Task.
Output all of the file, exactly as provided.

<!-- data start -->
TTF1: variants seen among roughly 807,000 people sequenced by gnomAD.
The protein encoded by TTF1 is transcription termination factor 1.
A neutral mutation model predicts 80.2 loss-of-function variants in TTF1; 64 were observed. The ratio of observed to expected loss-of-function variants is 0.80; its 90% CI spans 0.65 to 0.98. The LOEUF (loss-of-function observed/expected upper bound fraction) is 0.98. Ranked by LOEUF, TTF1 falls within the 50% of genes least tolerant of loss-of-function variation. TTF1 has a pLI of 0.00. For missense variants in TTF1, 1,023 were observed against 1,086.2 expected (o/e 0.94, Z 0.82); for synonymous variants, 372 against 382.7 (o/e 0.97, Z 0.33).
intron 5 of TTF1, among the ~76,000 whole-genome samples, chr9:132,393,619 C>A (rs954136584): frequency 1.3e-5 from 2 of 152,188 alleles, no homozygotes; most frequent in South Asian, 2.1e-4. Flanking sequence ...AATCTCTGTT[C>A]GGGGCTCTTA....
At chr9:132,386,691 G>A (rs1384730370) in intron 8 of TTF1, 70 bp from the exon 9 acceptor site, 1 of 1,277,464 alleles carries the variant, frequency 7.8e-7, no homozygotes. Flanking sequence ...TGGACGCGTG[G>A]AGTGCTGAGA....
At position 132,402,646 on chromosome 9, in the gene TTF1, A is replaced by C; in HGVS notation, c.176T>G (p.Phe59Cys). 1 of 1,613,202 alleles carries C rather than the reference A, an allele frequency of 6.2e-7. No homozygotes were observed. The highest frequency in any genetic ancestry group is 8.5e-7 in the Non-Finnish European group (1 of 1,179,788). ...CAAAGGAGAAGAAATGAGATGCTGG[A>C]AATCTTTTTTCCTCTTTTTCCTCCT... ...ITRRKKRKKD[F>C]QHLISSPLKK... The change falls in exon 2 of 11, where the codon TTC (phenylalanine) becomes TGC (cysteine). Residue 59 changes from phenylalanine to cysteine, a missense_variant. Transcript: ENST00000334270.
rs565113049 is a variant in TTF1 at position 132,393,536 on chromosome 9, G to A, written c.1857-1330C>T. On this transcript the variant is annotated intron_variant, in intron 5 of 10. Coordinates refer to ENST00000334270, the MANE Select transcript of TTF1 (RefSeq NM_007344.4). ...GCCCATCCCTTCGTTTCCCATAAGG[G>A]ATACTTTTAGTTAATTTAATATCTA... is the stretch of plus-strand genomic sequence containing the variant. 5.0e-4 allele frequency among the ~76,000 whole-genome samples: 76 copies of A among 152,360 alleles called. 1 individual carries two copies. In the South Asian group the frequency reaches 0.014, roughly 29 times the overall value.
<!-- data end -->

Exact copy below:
TTF1: variants seen among roughly 807,000 people sequenced by gnomAD.
The protein encoded by TTF1 is transcription termination factor 1.
A neutral mutation model predicts 80.2 loss-of-function variants in TTF1; 64 were observed. The ratio of observed to expected loss-of-function variants is 0.80; its 90% CI spans 0.65 to 0.98. The LOEUF (loss-of-function observed/expected upper bound fraction) is 0.98. Ranked by LOEUF, TTF1 falls within the 50% of genes least tolerant of loss-of-function variation. TTF1 has a pLI of 0.00. For missense variants in TTF1, 1,023 were observed against 1,086.2 expected (o/e 0.94, Z 0.82); for synonymous variants, 372 against 382.7 (o/e 0.97, Z 0.33).
intron 5 of TTF1, among the ~76,000 whole-genome samples, chr9:132,393,619 C>A (rs954136584): frequency 1.3e-5 from 2 of 152,188 alleles, no homozygotes; most frequent in South Asian, 2.1e-4. Flanking sequence ...AATCTCTGTT[C>A]GGGGCTCTTA....
At chr9:132,386,691 G>A (rs1384730370) in intron 8 of TTF1, 70 bp from the exon 9 acceptor site, 1 of 1,277,464 alleles carries the variant, frequency 7.8e-7, no homozygotes. Flanking sequence ...TGGACGCGTG[G>A]AGTGCTGAGA....
At position 132,402,646 on chromosome 9, in the gene TTF1, A is replaced by C; in HGVS notation, c.176T>G (p.Phe59Cys). 1 of 1,613,202 alleles carries C rather than the reference A, an allele frequency of 6.2e-7. No homozygotes were observed. The highest frequency in any genetic ancestry group is 8.5e-7 in the Non-Finnish European group (1 of 1,179,788). ...CAAAGGAGAAGAAATGAGATGCTGG[A>C]AATCTTTTTTCCTCTTTTTCCTCCT... ...ITRRKKRKKD[F>C]QHLISSPLKK... The change falls in exon 2 of 11, where the codon TTC (phenylalanine) becomes TGC (cysteine). Residue 59 changes from phenylalanine to cysteine, a missense_variant. Transcript: ENST00000334270.
rs565113049 is a variant in TTF1 at position 132,393,536 on chromosome 9, G to A, written c.1857-1330C>T. On this transcript the variant is annotated intron_variant, in intron 5 of 10. Coordinates refer to ENST00000334270, the MANE Select transcript of TTF1 (RefSeq NM_007344.4). ...GCCCATCCCTTCGTTTCCCATAAGG[G>A]ATACTTTTAGTTAATTTAATATCTA... is the stretch of plus-strand genomic sequence containing the variant. 5.0e-4 allele frequency among the ~76,000 whole-genome samples: 76 copies of A among 152,360 alleles called. 1 individual carries two copies. In the South Asian group the frequency reaches 0.014, roughly 29 times the overall value.